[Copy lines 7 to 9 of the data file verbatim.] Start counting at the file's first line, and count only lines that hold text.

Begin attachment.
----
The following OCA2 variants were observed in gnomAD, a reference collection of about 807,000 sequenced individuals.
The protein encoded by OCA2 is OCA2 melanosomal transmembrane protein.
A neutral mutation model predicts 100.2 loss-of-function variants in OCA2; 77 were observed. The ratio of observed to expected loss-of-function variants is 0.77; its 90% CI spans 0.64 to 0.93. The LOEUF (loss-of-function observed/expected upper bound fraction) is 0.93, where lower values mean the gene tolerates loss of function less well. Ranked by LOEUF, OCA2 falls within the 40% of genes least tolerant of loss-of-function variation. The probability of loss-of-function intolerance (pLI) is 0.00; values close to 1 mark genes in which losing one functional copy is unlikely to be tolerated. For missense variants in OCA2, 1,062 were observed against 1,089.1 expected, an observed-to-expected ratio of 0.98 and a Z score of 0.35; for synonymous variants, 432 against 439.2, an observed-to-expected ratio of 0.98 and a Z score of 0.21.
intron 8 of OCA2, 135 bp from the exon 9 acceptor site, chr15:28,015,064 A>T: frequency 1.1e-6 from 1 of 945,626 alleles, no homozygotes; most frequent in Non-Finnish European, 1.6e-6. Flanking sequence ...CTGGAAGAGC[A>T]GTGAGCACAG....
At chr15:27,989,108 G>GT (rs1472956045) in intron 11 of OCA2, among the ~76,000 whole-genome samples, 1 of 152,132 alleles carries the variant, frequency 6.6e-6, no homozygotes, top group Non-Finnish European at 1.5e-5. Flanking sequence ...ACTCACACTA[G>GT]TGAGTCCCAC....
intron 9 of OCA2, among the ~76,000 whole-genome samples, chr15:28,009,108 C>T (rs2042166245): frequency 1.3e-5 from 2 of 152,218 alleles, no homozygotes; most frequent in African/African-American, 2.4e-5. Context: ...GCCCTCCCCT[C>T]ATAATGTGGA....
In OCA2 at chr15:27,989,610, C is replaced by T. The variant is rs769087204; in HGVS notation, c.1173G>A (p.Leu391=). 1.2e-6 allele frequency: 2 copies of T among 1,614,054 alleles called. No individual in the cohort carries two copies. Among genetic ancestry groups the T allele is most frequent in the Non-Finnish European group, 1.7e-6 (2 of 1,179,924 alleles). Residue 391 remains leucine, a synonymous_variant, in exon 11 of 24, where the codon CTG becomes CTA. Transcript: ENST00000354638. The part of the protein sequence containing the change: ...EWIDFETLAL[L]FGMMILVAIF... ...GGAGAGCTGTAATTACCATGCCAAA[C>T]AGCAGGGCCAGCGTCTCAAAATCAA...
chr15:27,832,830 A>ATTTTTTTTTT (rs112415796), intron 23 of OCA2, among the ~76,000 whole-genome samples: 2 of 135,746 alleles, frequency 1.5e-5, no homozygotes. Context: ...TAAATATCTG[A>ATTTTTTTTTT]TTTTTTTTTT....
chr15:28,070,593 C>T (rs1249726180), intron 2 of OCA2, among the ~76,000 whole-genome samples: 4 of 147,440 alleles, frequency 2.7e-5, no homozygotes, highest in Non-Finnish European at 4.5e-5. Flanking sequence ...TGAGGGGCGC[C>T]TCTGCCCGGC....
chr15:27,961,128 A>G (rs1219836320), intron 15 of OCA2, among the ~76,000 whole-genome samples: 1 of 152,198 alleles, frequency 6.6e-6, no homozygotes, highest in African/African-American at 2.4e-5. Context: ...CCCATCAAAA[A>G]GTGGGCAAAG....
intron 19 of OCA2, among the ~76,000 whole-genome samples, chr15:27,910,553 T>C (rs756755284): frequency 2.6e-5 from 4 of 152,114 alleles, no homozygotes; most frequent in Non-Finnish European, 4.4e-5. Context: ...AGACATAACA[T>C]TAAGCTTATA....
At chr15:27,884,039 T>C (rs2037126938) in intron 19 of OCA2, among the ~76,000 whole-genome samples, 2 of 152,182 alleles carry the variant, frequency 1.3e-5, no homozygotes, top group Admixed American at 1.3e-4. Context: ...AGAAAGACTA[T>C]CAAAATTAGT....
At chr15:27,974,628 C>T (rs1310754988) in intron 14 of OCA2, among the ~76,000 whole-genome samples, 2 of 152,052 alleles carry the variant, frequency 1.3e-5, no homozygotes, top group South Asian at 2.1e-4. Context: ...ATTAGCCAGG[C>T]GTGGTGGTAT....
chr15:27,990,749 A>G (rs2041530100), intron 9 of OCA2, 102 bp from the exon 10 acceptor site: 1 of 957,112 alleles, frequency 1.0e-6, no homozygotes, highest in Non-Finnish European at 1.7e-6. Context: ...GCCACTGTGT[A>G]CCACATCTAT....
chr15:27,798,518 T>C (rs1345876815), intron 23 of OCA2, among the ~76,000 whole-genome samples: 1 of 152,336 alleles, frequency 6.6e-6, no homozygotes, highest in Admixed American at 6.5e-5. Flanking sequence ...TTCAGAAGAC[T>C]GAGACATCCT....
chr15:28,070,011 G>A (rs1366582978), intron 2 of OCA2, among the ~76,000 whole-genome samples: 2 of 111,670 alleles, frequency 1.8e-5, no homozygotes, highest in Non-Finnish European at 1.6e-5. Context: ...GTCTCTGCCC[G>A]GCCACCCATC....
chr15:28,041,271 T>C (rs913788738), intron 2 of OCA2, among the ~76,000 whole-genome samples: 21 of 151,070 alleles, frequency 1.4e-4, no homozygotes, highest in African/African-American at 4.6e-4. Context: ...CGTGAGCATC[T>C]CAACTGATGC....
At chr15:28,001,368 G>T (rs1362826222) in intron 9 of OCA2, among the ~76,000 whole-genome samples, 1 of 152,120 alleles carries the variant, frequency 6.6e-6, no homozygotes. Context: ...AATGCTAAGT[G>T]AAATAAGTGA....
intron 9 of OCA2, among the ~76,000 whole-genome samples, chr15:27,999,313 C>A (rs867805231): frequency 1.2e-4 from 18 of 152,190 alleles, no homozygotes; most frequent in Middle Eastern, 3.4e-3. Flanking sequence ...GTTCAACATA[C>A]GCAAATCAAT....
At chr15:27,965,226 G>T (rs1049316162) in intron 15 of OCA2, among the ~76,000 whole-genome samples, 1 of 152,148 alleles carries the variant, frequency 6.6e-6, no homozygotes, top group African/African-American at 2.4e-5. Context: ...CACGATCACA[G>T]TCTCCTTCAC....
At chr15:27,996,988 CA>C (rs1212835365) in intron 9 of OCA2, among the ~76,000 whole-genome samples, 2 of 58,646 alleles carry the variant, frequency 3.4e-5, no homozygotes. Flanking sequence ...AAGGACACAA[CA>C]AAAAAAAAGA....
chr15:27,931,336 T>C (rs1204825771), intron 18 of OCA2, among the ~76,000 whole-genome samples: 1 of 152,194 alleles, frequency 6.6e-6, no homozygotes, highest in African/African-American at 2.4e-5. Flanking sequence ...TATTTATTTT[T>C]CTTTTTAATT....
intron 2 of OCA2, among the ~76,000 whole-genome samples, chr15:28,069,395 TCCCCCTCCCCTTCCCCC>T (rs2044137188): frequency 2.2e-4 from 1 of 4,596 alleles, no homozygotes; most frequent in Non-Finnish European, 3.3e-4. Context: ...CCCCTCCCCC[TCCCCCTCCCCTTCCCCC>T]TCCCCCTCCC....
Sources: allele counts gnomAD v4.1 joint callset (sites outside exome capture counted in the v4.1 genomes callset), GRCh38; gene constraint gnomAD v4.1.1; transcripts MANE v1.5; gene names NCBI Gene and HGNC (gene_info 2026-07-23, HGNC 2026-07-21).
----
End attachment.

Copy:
In OCA2 at chr15:27,989,610, C is replaced by T. The variant is rs769087204; in HGVS notation, c.1173G>A (p.Leu391=). 1.2e-6 allele frequency: 2 copies of T among 1,614,054 alleles called. No individual in the cohort carries two copies. Among genetic ancestry groups the T allele is most frequent in the Non-Finnish European group, 1.7e-6 (2 of 1,179,924 alleles). Residue 391 remains leucine, a synonymous_variant, in exon 11 of 24, where the codon CTG becomes CTA. Transcript: ENST00000354638. The part of the protein sequence containing the change: ...EWIDFETLAL[L]FGMMILVAIF... ...GGAGAGCTGTAATTACCATGCCAAA[C>T]AGCAGGGCCAGCGTCTCAAAATCAA...
chr15:27,832,830 A>ATTTTTTTTTT (rs112415796), intron 23 of OCA2, among the ~76,000 whole-genome samples: 2 of 135,746 alleles, frequency 1.5e-5, no homozygotes. Context: ...TAAATATCTG[A>ATTTTTTTTTT]TTTTTTTTTT....
chr15:28,070,593 C>T (rs1249726180), intron 2 of OCA2, among the ~76,000 whole-genome samples: 4 of 147,440 alleles, frequency 2.7e-5, no homozygotes, highest in Non-Finnish European at 4.5e-5. Flanking sequence ...TGAGGGGCGC[C>T]TCTGCCCGGC....